We are told of the brand new Education group and the Waste group, of the food group that goes from strength to strength, we hear of the veg growing in the community garden behind the cafe and Freedom Fields Festival that takes place every summer, even this year, in spite of the rain, and Michael tells of how Transition is so much more advanced in England than he found it in Europe where there is a some frustration as to how get people to join in and where a sense of urgency overrides the sheer positivity that is Transition’s stock in trade.
To be sure there is plenty of positivity in Transition Plymouth tonight and even the fact that the transition shop they had for a while in the main city shopping area having now been taken back by the owners hoping for higher rent has not dampened their enthusiasm nor their determination. Little by little, and slowly, slowly, Transition Plymouth gathers momentum and steadily grows new tentacles.
As the stories and tales continue to be shared I begin to feel a desire for more singing together and am thrilled when Michael suggests we do this to finish. It seems we all felt the same and people look positive and expectant.
“What shall we sing?”
Maybe something traditionally English, suggests Michael and, typically English, we all look around the circle in a kind of helpless failure stupor.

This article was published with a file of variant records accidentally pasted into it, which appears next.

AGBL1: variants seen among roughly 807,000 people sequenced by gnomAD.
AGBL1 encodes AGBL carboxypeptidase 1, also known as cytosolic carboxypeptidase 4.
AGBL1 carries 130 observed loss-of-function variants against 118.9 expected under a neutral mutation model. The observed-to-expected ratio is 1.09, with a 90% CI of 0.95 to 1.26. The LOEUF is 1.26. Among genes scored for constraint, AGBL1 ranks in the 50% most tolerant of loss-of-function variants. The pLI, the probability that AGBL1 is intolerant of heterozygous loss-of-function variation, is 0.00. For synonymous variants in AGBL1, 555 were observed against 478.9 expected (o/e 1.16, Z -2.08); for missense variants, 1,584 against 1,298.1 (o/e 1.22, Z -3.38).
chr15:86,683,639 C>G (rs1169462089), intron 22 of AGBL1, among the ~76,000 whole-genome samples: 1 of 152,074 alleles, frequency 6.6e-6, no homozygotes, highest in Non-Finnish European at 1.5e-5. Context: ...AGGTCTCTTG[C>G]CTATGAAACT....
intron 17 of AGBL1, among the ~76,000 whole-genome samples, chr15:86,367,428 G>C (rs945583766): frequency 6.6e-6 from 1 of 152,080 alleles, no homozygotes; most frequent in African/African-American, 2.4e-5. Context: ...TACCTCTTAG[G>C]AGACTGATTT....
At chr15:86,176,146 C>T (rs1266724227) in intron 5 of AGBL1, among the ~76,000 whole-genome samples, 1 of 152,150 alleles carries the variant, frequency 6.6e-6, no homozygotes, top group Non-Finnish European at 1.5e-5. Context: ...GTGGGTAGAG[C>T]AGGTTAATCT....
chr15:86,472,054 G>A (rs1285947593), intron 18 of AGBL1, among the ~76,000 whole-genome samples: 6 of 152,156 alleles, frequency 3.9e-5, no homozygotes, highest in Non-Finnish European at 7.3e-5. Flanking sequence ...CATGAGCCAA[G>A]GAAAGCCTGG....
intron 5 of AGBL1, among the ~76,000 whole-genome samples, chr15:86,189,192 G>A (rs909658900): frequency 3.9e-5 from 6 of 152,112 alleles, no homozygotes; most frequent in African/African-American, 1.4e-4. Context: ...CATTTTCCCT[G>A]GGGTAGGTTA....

Just as it seems our Englishness is about to tie us up in proverbial knots of self conscious self effacement, Sarah chimes up from her seat in the back row, What about
“What shall we do with the drunken sailor”?
And we all groan in a kind of embarrassed delight that at least it’s one we all know. We know the song from our school days of course, but somehow it carries with it, along with a good rousing tune, that shamefacedly English knowledge that our heritage always seems to be about getting drunk.
“Let’s add Transition words to it”
I say suddenly, and we do;
What shall we do when peak oil comes
What shall we do when peak oil comes
What shall we do when peak oil comes
Ear lyy in the mornin’
And the verses go on and on as we get more and more enthusiastic as the familiar tune carries us confidently along
We’ll ride our bikes, and eat local food
We’ll ride our bikes, and eat local food
We’ll ride our bikes, and eat local food
Ear lyy in the mornin’
The man behind the community cafe and veg garden, whose lettuce we have eaten with our shared supper, shows yet another talent and plays our accompaniment on Michael’s guitar, and we all smile at each other and rock and sing and thoroughly appreciate the fact that we are here having a sing song together rather than each being cooped up in our respective homes with only TV, Facebook, or You Tube for company.
We have finally convinced the young man who came to us after a day’s busking to play his didgeridoo for us, and are at last replete with that satisfying feeling of having left no impulse unexplored.
I think about the walk around the park Michael and I took just before the event and the inevitable performer’s pre show concerns, and smile at the happy outcome of our evening.
As we pack up the musician’s equipment Sarah Greep, Michael’s host for the night, comes over and we chat as we work.
“You must come and see Devonport”